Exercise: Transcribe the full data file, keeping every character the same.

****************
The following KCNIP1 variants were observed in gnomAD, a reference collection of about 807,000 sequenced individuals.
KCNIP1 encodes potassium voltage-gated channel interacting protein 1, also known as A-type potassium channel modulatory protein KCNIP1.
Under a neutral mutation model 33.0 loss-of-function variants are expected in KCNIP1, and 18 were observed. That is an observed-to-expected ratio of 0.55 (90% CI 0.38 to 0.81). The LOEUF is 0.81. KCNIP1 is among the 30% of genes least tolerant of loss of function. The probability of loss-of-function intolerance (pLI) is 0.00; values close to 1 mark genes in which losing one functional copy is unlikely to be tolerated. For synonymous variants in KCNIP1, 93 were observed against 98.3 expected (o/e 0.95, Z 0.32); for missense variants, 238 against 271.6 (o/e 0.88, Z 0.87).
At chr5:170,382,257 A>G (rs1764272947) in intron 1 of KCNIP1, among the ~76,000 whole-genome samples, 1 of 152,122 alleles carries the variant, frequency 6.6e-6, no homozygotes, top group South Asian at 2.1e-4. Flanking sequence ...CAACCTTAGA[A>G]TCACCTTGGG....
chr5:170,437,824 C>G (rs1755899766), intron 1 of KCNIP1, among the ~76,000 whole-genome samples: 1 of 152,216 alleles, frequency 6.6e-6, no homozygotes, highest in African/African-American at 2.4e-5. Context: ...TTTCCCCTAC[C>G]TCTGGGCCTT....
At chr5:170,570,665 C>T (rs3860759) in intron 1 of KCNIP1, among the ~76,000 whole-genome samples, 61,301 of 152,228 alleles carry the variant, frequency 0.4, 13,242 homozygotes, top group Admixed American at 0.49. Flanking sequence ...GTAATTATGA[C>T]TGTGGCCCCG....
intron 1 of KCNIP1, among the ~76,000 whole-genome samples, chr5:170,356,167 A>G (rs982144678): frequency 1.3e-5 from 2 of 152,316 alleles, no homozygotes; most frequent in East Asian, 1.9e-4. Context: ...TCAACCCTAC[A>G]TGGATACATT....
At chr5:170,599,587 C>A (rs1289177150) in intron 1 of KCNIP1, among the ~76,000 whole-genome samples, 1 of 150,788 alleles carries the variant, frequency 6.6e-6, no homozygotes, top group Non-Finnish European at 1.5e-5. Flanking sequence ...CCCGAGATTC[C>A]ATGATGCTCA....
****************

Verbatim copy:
The following KCNIP1 variants were observed in gnomAD, a reference collection of about 807,000 sequenced individuals.
KCNIP1 encodes potassium voltage-gated channel interacting protein 1, also known as A-type potassium channel modulatory protein KCNIP1.
Under a neutral mutation model 33.0 loss-of-function variants are expected in KCNIP1, and 18 were observed. That is an observed-to-expected ratio of 0.55 (90% CI 0.38 to 0.81). The LOEUF is 0.81. KCNIP1 is among the 30% of genes least tolerant of loss of function. The probability of loss-of-function intolerance (pLI) is 0.00; values close to 1 mark genes in which losing one functional copy is unlikely to be tolerated. For synonymous variants in KCNIP1, 93 were observed against 98.3 expected (o/e 0.95, Z 0.32); for missense variants, 238 against 271.6 (o/e 0.88, Z 0.87).
At chr5:170,382,257 A>G (rs1764272947) in intron 1 of KCNIP1, among the ~76,000 whole-genome samples, 1 of 152,122 alleles carries the variant, frequency 6.6e-6, no homozygotes, top group South Asian at 2.1e-4. Flanking sequence ...CAACCTTAGA[A>G]TCACCTTGGG....
chr5:170,437,824 C>G (rs1755899766), intron 1 of KCNIP1, among the ~76,000 whole-genome samples: 1 of 152,216 alleles, frequency 6.6e-6, no homozygotes, highest in African/African-American at 2.4e-5. Context: ...TTTCCCCTAC[C>G]TCTGGGCCTT....
At chr5:170,570,665 C>T (rs3860759) in intron 1 of KCNIP1, among the ~76,000 whole-genome samples, 61,301 of 152,228 alleles carry the variant, frequency 0.4, 13,242 homozygotes, top group Admixed American at 0.49. Flanking sequence ...GTAATTATGA[C>T]TGTGGCCCCG....
intron 1 of KCNIP1, among the ~76,000 whole-genome samples, chr5:170,356,167 A>G (rs982144678): frequency 1.3e-5 from 2 of 152,316 alleles, no homozygotes; most frequent in East Asian, 1.9e-4. Context: ...TCAACCCTAC[A>G]TGGATACATT....
At chr5:170,599,587 C>A (rs1289177150) in intron 1 of KCNIP1, among the ~76,000 whole-genome samples, 1 of 150,788 alleles carries the variant, frequency 6.6e-6, no homozygotes, top group Non-Finnish European at 1.5e-5. Flanking sequence ...CCCGAGATTC[C>A]ATGATGCTCA....